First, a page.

A man suspected to have killed a French policeman and his partner in a terror-linked attack had been sentenced in 2013 for taking part in a jihadist organisation with links to Pakistan, sources close to the probe said on Tuesday.
The policeman and his partner, who also worked as an official in a police station, were killed at their home in the northwestern Paris suburb of Magnanville late Monday.
The attacker was identified as Frenchman, 25-year-old Larossi Abballa. He had claimed allegiance to the Islamic State group, sources close to the investigation said earlier.
Abballa had reportedly been sentenced to a three-year term -- six months of which were suspended -- for "criminal association with the aim of preparing terrorist acts," in a trial with seven other defendants.
Later AFP reported that he was part of an investigation over a French network that was involved in sending fighters out to Syria.
Abballa was also known to police for several other non-terrorist related criminal offences. Sources in the intelligence services have told Le Parisien newspaper that Abballa, who was killed in the police raid, did not appear to be a threat.
Abballa had claimed allegiance to the Islamic State group, sources close to the investigation said earlier.
France-based Jihadist specialist David Thomson said the attacker filmed his victims and posted images of them to his Facebook page.
He also posted a 15 minute video in which he claimed responsibility for the attack, Thomson said. On Tuesday morning the Facebook account was suspended.
Le profil Facebook du terroriste de #Magnanville avec sa video de 13 minutes 15 et les photos de ses victimes, vient d'être suspendu.— David Thomson (@_DavidThomson) June 14, 2016
At the start of the recording, the 25-year-old convicted radical swears allegiance to Islamic State leader Abu Bakr al-Baghdadi.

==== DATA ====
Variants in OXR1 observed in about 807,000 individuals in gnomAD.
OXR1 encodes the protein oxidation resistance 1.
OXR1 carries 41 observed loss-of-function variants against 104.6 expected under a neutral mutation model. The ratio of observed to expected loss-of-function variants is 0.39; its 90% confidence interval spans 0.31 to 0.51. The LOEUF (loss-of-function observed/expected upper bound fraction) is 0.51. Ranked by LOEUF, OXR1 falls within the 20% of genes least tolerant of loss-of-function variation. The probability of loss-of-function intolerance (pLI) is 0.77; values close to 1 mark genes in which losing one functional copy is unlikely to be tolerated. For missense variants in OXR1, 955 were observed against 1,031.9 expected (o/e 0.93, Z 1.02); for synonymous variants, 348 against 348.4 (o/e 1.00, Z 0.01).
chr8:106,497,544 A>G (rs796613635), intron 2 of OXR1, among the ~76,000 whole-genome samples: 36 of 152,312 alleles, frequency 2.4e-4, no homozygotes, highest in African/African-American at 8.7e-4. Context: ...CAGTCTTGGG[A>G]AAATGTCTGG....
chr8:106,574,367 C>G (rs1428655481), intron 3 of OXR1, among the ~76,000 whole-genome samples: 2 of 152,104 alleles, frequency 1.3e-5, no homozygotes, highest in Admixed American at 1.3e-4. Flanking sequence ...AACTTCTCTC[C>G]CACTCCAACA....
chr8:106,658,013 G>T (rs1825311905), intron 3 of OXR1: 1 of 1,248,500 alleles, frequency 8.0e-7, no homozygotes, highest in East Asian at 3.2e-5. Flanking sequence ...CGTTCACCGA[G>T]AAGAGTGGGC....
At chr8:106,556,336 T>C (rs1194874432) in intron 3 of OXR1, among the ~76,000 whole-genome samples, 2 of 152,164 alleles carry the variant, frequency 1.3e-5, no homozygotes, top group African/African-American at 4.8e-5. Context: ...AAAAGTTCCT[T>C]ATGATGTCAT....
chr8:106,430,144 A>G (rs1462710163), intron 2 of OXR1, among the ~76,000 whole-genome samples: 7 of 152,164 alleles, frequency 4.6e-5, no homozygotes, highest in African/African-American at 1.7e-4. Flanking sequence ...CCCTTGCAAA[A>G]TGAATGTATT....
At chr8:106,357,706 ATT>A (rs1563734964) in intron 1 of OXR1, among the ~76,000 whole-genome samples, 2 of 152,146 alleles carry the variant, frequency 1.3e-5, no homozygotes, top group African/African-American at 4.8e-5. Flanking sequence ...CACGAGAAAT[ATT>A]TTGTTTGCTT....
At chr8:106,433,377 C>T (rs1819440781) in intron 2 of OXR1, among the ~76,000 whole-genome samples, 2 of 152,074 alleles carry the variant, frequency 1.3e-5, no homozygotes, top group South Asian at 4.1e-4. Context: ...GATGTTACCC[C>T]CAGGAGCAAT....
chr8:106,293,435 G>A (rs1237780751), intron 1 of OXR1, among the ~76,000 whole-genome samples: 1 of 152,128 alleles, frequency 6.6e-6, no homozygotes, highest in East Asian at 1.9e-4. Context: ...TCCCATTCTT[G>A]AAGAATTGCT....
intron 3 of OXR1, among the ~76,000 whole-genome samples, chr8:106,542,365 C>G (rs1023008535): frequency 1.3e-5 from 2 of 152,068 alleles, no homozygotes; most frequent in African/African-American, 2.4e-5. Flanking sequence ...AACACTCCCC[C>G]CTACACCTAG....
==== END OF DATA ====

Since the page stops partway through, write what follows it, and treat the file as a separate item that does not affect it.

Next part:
He then calls on other Muslims to attack "police, journalists, public figures, prison guards and rappers," listing around a dozen well-known figures by name.
"We will turn the Euro into a graveyard," he threatened, four days after the start of the football championships in a country on high alert after last November's jihadist carnage in Paris.
On Tuesday President Francois Hollande met with Prime Minister Manuel Valls, Interior Minister Bernard Cazeneuve and Justice Minister Jean-Jacques Urvoas.
Cazeneuve has described the killing as an "appalling terrorist act. and said that more arrests would be made in the hunt for any accomplices.
The minister then defended the work of French intelligence services saying that 100 potential suspects had been arrested in 2016.
"This highlights the intense activities of the counter-terrorist services," he said.
Witnesses told investigators the man may have shouted "Allahu akbar" (God is greatest) as he stabbed the policeman repeatedly outside his home before holing up inside with the woman and the couple's three-year-old son.
Loud detonations were heard at the scene as elite RAID police moved in following failed negotiations with the attacker.
According to reports the attacker only wanted to talk about religion with police, who refused and therefor decided to launch the raid, in which the attacker was killed.
During those negotiations however he claimed allegiance to Isis, sources close to the inquiry told AFP.
The couple's toddler son was "in shock but unharmed," a prosecutor added, saying the boy was receiving medical attention.
A news agency linked to Isis said the attack had been carried out by an "Islamic State fighter", days after posting a similar claim following the massacre at a gay club in Orlando, Florida.